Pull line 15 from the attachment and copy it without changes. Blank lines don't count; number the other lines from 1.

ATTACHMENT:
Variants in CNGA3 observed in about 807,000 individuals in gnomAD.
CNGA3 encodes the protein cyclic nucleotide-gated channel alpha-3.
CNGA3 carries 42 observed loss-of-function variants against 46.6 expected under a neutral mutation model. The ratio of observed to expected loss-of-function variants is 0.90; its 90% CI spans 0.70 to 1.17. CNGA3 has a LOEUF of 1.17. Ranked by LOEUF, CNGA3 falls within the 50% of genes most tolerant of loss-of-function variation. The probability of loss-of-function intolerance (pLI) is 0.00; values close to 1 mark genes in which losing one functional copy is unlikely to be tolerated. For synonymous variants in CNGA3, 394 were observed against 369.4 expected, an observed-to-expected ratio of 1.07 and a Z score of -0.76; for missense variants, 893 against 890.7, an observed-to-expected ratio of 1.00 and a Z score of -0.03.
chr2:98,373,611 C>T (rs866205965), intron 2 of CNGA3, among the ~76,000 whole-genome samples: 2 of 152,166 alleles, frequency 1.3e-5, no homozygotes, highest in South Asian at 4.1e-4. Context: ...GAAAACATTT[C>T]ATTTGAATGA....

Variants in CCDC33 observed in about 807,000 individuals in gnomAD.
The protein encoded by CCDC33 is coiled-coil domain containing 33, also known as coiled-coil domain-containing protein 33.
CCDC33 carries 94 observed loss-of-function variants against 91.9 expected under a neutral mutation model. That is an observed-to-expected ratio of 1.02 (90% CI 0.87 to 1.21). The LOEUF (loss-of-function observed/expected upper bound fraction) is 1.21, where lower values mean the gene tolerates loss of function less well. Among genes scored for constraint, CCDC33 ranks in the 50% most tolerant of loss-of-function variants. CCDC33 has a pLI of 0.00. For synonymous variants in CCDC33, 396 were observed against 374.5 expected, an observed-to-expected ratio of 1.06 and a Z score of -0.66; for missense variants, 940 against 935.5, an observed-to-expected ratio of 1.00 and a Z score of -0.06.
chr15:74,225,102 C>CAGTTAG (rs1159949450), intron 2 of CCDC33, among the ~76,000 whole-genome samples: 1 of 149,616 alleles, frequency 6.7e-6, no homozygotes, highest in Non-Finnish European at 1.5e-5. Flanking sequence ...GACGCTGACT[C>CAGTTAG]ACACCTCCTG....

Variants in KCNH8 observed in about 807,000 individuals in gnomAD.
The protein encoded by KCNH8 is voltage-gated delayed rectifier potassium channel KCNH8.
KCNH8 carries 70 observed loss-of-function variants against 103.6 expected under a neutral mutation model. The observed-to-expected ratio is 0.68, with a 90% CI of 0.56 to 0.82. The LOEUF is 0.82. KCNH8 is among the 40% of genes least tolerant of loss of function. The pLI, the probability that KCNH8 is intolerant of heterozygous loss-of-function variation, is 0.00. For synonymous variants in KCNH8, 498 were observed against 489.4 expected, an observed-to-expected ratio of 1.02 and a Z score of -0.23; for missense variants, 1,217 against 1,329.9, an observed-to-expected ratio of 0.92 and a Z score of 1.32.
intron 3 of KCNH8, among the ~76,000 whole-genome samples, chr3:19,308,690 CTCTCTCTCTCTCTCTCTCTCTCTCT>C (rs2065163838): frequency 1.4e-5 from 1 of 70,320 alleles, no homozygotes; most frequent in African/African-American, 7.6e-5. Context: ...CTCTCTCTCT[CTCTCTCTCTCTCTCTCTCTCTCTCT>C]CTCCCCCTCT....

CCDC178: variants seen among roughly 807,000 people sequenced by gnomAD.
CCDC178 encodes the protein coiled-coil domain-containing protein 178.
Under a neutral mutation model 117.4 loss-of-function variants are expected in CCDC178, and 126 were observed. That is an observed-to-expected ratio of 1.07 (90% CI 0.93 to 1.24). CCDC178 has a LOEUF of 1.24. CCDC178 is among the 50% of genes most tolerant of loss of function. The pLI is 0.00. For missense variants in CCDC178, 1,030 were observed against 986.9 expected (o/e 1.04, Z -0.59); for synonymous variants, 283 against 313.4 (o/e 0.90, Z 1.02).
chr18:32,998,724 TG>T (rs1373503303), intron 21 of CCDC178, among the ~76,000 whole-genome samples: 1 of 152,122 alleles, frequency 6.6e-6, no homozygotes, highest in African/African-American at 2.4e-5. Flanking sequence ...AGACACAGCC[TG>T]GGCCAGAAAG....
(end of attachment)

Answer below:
Under a neutral mutation model 117.4 loss-of-function variants are expected in CCDC178, and 126 were observed. That is an observed-to-expected ratio of 1.07 (90% CI 0.93 to 1.24). CCDC178 has a LOEUF of 1.24. CCDC178 is among the 50% of genes most tolerant of loss of function. The pLI is 0.00. For missense variants in CCDC178, 1,030 were observed against 986.9 expected (o/e 1.04, Z -0.59); for synonymous variants, 283 against 313.4 (o/e 0.90, Z 1.02).